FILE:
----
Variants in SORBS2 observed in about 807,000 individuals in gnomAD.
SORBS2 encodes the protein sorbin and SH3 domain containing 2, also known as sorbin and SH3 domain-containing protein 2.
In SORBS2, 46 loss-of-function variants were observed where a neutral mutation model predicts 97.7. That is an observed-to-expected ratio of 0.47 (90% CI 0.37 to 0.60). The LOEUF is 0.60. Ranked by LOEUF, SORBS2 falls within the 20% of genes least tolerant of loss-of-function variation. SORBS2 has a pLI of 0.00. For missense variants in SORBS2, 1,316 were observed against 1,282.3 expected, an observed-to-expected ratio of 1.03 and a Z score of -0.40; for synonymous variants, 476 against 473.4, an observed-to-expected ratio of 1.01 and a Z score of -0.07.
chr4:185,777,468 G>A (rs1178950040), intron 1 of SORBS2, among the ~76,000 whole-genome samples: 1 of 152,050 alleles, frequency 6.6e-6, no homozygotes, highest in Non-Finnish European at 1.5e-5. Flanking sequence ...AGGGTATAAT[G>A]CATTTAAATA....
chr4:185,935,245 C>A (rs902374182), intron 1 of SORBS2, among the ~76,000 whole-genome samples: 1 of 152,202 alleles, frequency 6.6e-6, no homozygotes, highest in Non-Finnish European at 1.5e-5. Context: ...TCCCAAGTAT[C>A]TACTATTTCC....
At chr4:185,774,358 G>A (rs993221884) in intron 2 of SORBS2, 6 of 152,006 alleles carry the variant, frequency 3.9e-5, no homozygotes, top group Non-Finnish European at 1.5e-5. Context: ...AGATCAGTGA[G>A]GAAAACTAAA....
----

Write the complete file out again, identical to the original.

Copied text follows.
Variants in SORBS2 observed in about 807,000 individuals in gnomAD.
SORBS2 encodes the protein sorbin and SH3 domain containing 2, also known as sorbin and SH3 domain-containing protein 2.
In SORBS2, 46 loss-of-function variants were observed where a neutral mutation model predicts 97.7. That is an observed-to-expected ratio of 0.47 (90% CI 0.37 to 0.60). The LOEUF is 0.60. Ranked by LOEUF, SORBS2 falls within the 20% of genes least tolerant of loss-of-function variation. SORBS2 has a pLI of 0.00. For missense variants in SORBS2, 1,316 were observed against 1,282.3 expected, an observed-to-expected ratio of 1.03 and a Z score of -0.40; for synonymous variants, 476 against 473.4, an observed-to-expected ratio of 1.01 and a Z score of -0.07.
chr4:185,777,468 G>A (rs1178950040), intron 1 of SORBS2, among the ~76,000 whole-genome samples: 1 of 152,050 alleles, frequency 6.6e-6, no homozygotes, highest in Non-Finnish European at 1.5e-5. Flanking sequence ...AGGGTATAAT[G>A]CATTTAAATA....
chr4:185,935,245 C>A (rs902374182), intron 1 of SORBS2, among the ~76,000 whole-genome samples: 1 of 152,202 alleles, frequency 6.6e-6, no homozygotes, highest in Non-Finnish European at 1.5e-5. Context: ...TCCCAAGTAT[C>A]TACTATTTCC....
At chr4:185,774,358 G>A (rs993221884) in intron 2 of SORBS2, 6 of 152,006 alleles carry the variant, frequency 3.9e-5, no homozygotes, top group Non-Finnish European at 1.5e-5. Context: ...AGATCAGTGA[G>A]GAAAACTAAA....